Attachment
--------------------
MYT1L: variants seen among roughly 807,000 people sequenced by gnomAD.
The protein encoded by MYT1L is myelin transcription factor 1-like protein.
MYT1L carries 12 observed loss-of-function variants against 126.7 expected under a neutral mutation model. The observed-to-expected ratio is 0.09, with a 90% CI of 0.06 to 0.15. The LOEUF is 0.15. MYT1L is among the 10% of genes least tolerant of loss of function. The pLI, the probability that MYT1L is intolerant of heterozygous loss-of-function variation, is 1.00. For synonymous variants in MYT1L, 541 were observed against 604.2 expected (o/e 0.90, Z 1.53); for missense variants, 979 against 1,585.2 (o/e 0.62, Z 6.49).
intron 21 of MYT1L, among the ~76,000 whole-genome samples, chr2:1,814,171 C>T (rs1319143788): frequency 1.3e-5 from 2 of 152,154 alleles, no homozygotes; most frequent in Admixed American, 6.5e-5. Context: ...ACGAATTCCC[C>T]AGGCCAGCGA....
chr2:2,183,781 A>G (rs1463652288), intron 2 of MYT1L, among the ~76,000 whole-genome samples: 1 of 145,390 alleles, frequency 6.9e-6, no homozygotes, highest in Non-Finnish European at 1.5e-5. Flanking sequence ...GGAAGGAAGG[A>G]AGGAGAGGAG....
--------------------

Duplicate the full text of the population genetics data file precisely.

MYT1L: variants seen among roughly 807,000 people sequenced by gnomAD.
The protein encoded by MYT1L is myelin transcription factor 1-like protein.
MYT1L carries 12 observed loss-of-function variants against 126.7 expected under a neutral mutation model. The observed-to-expected ratio is 0.09, with a 90% CI of 0.06 to 0.15. The LOEUF is 0.15. MYT1L is among the 10% of genes least tolerant of loss of function. The pLI, the probability that MYT1L is intolerant of heterozygous loss-of-function variation, is 1.00. For synonymous variants in MYT1L, 541 were observed against 604.2 expected (o/e 0.90, Z 1.53); for missense variants, 979 against 1,585.2 (o/e 0.62, Z 6.49).
intron 21 of MYT1L, among the ~76,000 whole-genome samples, chr2:1,814,171 C>T (rs1319143788): frequency 1.3e-5 from 2 of 152,154 alleles, no homozygotes; most frequent in Admixed American, 6.5e-5. Context: ...ACGAATTCCC[C>T]AGGCCAGCGA....
chr2:2,183,781 A>G (rs1463652288), intron 2 of MYT1L, among the ~76,000 whole-genome samples: 1 of 145,390 alleles, frequency 6.9e-6, no homozygotes, highest in Non-Finnish European at 1.5e-5. Flanking sequence ...GGAAGGAAGG[A>G]AGGAGAGGAG....